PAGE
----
It has often been noted that so-called trade deals, like NAFTA and the still-in-gestation Comprehensive Economic and Trade Agreement (CETA) between Canada and the European Union, are not really about trade at all, they are about weakening our ability to govern our own countries.
They are treaties of surrender, where we formally give up the notion that the governments we elect should have the power to make decisions on our behalf, if those decisions get in the way of an international corporation's right to make a profit however they wish to.
These agreements are designed to tie governments’ hands in many areas only peripherally related to trade; they are about putting new types of restrictions on how governments and societies are able to regulate themselves democratically.
More often trade deal rights now supercede government authority
Trade deals have been called stealth delivery systems of extending new rights and privileges to corporations, and permanent restrictions on government regulation of financial services, food safety, health care, energy and more.
Corporate spokespeople understand this. They don't even seem embarrassed by it. The services industry in Europe has demanded that their member companies get the right to challenge Canadian government decisions even if those government decisions are based on legitimate policy issues aimed at protecting the health, safety and environment of Canadians.
Why should a democratically elected government have the right to interfere with the profits of an international corporation over something as meaningless as the health, safety or environment of Canadians? Why indeed.
Eli Lily alleges the Canadian government violated its obligations to foreign investors under NAFTA by deciding not to allow two patents to move forward
The case filed by the Eli Lilly company against the Canadian government makes the point really clear. The only issue that counts is not the decision of a Canadian government, duly elected by the population. It is not the decision of a Canadian court, operating within the constitution of this country, ruling on the meaning of legislation passed by our duly elected government.
What matters to Eli Lilly, the only thing that matters, is the company's right to make an exorbitant profit. The company forecasts net income of at least $3 billion in revenue of at least $20 billion each year for 2013 and 2014.
So what's their problem? Eli Lilly is accusing Canada of violating its obligations to foreign investors under the North American Free Trade Agreement by allowing its courts to invalidate patents for two of its drugs. The company officially filed a complaint this week with NAFTA seeking $500 million US in compensation.
Their claim alleges that Canadian court rulings under our patent laws violated the company's rights under NAFTA, the international trade treaty that covers the U.S., Canada and Mexico. They are exercised about decisions of our Federal Court that said they hadn't earned the right to patent protection for two of their drugs under Canadian law. In one case the judge found that the drug did not meet the threshold of utility for the long-term treatment of ADHD and did not really do what the company said it did. In the other case, the judge found that the drug wasn't any better than other drugs already on the market.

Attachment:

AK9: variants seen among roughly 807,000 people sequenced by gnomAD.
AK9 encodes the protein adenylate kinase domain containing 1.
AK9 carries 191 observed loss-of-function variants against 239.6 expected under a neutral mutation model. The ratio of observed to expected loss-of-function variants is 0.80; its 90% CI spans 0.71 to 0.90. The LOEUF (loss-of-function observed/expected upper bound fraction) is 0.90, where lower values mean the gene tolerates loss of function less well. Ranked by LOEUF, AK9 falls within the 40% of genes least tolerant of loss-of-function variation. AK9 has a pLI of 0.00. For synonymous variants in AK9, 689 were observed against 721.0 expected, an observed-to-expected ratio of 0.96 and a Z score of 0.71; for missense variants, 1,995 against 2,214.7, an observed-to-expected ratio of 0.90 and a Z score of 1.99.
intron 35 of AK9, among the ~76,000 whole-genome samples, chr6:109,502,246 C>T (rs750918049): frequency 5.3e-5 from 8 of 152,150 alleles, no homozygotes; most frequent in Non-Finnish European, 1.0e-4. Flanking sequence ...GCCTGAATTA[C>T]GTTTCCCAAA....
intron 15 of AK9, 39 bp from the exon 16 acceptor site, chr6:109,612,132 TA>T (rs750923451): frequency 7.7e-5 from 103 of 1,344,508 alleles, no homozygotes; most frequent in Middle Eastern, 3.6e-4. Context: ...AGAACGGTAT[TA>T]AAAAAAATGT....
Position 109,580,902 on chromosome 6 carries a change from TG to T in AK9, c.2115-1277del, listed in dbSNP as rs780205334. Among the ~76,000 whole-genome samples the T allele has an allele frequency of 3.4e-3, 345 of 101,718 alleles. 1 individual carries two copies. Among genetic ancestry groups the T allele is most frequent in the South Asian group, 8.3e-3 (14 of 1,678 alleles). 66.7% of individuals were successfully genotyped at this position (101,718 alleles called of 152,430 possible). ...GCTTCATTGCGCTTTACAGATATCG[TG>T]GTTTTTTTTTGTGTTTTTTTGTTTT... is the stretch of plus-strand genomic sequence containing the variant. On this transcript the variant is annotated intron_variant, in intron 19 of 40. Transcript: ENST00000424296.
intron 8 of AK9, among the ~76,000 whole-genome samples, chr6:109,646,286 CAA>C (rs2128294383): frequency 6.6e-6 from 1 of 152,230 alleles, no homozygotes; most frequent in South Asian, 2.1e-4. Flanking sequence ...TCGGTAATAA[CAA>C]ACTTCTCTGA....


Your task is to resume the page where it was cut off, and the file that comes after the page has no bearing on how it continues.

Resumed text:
Rights of corporations trump rights of governments under NAFTA and other trade deals
The company did what it had every right to do under Canadian law. It appealed the rulings. But the Supreme Court turned down the appeal, wouldn't even hear the cases. If that happened to any Canadian citizen, it would be game over. That's how our trade system works.
But if you are a multinational corporation covered by NAFTA, or CETA if it gets put into place, or the Trans Pacific Partnership if it comes about - then you have the right to go over the heads of our government and our courts. You would go to the all powerful but essentially secret three person tribunal of trade lawyers and experts, three people who can ignore the decisions of our Parliament, our courts, our Supreme Court, and give the company money for being so dreadfully wronged by our laws and our system of justice! And it would be our money, money from our government that we paid in taxes.
Corporations believe they know what is better for Canadians than Canadian lawmakers do
In its statement Friday, the company's patent counsel said that the Canadian courts' approach to assessing the promise of drug patents could deter companies from developing new drugs for sale in Canada. So, this company is apparently really asking for the $500 million just to help us out, because they know better than our elected government about what our laws should say.
Back a couple of hundred years, a king was famous for having said the “The state, it is me.” A little cheeky, folks thought. But now, the international corporate community can surpass that. They don't have to claim that the state is them; they can cheerfully observe that under trade deals, the state and the right of peoples to govern themselves is increasingly irrelevant.
Self government? It was fun while it lasted.
This is unacceptable nonsense. It's past time for us to reclaim our right to national pride and national self-determination, and send these trade deals to the nearest recycle depot so we can at least make good use of the paper they were printed on.